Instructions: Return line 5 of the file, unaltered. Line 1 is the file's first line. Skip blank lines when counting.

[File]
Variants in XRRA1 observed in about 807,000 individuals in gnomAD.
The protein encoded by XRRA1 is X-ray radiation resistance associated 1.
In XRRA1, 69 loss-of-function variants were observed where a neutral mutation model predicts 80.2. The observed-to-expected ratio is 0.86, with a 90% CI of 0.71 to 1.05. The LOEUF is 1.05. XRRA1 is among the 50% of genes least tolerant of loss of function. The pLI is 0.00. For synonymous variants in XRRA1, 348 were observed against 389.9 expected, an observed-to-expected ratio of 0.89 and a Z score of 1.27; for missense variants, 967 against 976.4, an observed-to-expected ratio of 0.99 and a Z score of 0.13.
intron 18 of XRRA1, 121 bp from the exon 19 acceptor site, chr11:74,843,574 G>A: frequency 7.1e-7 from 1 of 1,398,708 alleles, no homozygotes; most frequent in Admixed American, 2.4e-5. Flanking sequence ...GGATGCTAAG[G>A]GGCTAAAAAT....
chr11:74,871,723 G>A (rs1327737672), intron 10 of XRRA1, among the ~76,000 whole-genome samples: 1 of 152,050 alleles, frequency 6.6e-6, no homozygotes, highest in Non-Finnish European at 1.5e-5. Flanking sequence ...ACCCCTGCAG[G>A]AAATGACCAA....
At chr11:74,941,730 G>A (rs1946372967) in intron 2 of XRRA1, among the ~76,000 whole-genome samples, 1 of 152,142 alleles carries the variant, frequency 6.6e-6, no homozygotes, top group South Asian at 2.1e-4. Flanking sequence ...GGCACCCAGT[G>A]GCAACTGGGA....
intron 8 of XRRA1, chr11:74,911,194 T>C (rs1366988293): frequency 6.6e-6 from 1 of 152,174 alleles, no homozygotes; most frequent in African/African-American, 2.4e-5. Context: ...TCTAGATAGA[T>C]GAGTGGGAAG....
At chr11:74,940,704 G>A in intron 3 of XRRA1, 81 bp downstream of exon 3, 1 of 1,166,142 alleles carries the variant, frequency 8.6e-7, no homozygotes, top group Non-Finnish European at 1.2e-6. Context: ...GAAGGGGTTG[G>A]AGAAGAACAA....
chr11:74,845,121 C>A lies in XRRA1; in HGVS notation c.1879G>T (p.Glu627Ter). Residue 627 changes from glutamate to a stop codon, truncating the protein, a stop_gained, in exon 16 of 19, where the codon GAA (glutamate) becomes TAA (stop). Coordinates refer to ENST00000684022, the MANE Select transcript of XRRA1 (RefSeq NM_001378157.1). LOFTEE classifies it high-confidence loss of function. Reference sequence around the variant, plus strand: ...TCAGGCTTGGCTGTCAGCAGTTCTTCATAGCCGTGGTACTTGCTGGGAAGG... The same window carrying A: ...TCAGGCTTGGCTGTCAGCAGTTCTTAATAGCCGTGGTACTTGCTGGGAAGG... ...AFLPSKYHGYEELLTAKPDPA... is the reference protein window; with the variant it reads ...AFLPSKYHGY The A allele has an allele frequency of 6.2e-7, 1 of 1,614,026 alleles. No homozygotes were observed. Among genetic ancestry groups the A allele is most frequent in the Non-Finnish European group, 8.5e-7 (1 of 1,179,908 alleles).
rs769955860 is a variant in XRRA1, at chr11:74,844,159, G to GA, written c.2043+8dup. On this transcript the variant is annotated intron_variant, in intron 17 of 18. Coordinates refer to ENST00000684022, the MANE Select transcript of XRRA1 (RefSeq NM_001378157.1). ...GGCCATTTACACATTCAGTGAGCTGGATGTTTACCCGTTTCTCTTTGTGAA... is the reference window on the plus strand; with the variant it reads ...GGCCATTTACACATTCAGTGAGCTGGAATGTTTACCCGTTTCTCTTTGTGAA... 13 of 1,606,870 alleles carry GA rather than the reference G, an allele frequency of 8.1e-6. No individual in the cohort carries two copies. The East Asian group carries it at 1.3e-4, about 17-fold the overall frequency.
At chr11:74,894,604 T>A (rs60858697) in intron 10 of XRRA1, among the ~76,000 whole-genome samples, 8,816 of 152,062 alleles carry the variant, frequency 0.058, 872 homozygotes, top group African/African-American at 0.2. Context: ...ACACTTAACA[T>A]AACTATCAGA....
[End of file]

chr11:74,871,723 G>A (rs1327737672), intron 10 of XRRA1, among the ~76,000 whole-genome samples: 1 of 152,050 alleles, frequency 6.6e-6, no homozygotes, highest in Non-Finnish European at 1.5e-5. Flanking sequence ...ACCCCTGCAG[G>A]AAATGACCAA....